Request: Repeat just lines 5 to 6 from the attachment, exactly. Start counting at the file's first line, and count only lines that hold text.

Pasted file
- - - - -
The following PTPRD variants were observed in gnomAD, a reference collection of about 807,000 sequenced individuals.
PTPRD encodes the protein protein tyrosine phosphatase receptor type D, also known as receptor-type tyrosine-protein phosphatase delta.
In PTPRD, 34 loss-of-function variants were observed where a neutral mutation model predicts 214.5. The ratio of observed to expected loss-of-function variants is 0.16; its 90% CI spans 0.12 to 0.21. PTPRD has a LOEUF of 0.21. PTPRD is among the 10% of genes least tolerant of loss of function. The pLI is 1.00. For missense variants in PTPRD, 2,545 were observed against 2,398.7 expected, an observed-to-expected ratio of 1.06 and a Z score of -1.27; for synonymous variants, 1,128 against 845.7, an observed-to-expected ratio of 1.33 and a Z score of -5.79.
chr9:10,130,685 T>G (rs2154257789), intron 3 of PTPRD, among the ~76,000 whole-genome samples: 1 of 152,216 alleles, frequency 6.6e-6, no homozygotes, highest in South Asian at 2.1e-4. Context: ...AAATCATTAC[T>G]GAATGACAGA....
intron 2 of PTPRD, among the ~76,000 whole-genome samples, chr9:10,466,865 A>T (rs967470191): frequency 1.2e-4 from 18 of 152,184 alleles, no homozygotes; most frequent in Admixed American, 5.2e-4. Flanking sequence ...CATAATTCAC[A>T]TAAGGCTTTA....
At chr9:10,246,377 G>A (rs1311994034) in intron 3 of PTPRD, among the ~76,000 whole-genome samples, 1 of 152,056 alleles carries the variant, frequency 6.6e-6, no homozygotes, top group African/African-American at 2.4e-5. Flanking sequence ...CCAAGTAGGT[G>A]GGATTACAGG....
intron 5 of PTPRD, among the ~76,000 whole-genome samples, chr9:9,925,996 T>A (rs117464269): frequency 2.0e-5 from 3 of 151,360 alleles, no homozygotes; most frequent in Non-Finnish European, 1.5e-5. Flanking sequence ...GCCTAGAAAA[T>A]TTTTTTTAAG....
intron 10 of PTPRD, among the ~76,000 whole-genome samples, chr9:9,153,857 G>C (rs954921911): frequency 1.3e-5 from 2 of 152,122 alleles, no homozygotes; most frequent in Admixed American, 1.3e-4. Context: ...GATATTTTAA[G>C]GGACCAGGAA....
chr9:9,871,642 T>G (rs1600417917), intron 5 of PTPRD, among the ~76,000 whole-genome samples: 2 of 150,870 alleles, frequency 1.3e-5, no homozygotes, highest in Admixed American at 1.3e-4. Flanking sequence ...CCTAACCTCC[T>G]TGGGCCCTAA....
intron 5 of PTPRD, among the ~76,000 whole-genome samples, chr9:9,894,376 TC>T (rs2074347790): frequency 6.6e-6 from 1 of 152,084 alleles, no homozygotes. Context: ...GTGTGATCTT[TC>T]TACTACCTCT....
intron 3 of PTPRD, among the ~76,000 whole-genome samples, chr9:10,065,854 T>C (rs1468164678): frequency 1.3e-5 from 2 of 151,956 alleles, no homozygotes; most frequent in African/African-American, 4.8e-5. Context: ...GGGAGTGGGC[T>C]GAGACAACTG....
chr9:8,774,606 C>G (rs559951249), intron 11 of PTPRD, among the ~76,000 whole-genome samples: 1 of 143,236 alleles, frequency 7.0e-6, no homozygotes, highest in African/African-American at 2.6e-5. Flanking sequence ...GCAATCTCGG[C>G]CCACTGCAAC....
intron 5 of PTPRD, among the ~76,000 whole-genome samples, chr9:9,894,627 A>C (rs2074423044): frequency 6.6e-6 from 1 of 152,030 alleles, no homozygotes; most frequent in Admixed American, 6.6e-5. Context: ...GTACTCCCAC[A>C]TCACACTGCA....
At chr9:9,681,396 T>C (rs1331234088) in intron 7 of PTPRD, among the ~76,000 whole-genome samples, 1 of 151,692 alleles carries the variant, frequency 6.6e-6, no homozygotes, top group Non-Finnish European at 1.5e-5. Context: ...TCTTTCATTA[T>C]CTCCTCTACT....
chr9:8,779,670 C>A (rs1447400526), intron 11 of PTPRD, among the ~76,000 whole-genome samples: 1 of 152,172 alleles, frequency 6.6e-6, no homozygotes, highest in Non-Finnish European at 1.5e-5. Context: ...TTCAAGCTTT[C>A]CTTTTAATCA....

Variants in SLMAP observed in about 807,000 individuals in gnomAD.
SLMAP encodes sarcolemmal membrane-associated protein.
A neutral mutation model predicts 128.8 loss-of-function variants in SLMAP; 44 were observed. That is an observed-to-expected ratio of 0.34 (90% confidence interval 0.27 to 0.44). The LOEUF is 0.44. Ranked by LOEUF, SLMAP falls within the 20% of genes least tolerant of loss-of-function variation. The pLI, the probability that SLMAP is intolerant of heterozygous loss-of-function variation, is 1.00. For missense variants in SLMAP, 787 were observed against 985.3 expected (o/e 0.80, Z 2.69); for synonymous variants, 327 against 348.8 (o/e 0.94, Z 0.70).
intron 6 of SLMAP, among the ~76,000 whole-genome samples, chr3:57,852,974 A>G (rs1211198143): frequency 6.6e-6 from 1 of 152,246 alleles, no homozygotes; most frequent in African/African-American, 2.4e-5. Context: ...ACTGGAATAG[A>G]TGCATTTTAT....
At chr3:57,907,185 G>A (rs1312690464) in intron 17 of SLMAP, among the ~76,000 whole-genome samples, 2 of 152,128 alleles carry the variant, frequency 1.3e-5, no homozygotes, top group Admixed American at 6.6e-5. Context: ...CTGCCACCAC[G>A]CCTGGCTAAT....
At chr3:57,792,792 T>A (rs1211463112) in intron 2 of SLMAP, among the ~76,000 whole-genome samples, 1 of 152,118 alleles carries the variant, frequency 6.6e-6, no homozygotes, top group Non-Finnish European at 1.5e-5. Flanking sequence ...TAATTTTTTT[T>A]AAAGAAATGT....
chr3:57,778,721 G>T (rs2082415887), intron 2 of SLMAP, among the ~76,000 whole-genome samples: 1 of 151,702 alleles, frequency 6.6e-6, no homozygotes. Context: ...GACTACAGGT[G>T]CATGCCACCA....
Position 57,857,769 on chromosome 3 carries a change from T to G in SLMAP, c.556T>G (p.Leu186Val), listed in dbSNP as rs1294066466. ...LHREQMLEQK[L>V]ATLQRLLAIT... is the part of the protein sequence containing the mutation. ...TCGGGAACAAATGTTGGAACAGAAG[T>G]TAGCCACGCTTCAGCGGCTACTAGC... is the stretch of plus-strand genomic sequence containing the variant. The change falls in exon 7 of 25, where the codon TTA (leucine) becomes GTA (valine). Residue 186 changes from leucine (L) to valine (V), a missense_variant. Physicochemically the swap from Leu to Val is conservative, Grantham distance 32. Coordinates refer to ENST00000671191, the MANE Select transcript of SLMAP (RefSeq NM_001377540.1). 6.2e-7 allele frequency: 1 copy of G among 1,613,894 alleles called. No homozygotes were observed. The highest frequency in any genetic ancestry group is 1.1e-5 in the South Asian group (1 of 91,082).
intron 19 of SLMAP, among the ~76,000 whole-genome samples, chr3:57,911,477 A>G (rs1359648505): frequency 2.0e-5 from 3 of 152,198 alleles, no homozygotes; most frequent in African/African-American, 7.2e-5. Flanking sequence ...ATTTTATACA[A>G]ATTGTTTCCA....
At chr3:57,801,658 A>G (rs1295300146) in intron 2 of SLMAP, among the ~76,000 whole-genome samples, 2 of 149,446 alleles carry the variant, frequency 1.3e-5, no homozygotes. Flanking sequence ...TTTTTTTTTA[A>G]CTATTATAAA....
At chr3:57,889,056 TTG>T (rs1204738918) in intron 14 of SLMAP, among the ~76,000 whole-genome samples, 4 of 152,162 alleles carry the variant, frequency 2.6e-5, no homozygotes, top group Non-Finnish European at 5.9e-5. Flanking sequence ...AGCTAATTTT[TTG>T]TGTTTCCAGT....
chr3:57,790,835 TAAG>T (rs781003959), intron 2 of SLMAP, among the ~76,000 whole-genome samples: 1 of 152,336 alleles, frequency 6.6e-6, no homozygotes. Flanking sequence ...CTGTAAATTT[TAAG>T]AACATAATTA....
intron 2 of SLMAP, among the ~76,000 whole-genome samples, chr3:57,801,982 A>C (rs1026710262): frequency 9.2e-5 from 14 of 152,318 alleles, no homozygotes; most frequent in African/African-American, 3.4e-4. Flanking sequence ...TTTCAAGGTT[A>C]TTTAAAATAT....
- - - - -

intron 2 of PTPRD, among the ~76,000 whole-genome samples, chr9:10,466,865 A>T (rs967470191): frequency 1.2e-4 from 18 of 152,184 alleles, no homozygotes; most frequent in Admixed American, 5.2e-4. Flanking sequence ...CATAATTCAC[A>T]TAAGGCTTTA....
At chr9:10,246,377 G>A (rs1311994034) in intron 3 of PTPRD, among the ~76,000 whole-genome samples, 1 of 152,056 alleles carries the variant, frequency 6.6e-6, no homozygotes, top group African/African-American at 2.4e-5. Flanking sequence ...CCAAGTAGGT[G>A]GGATTACAGG....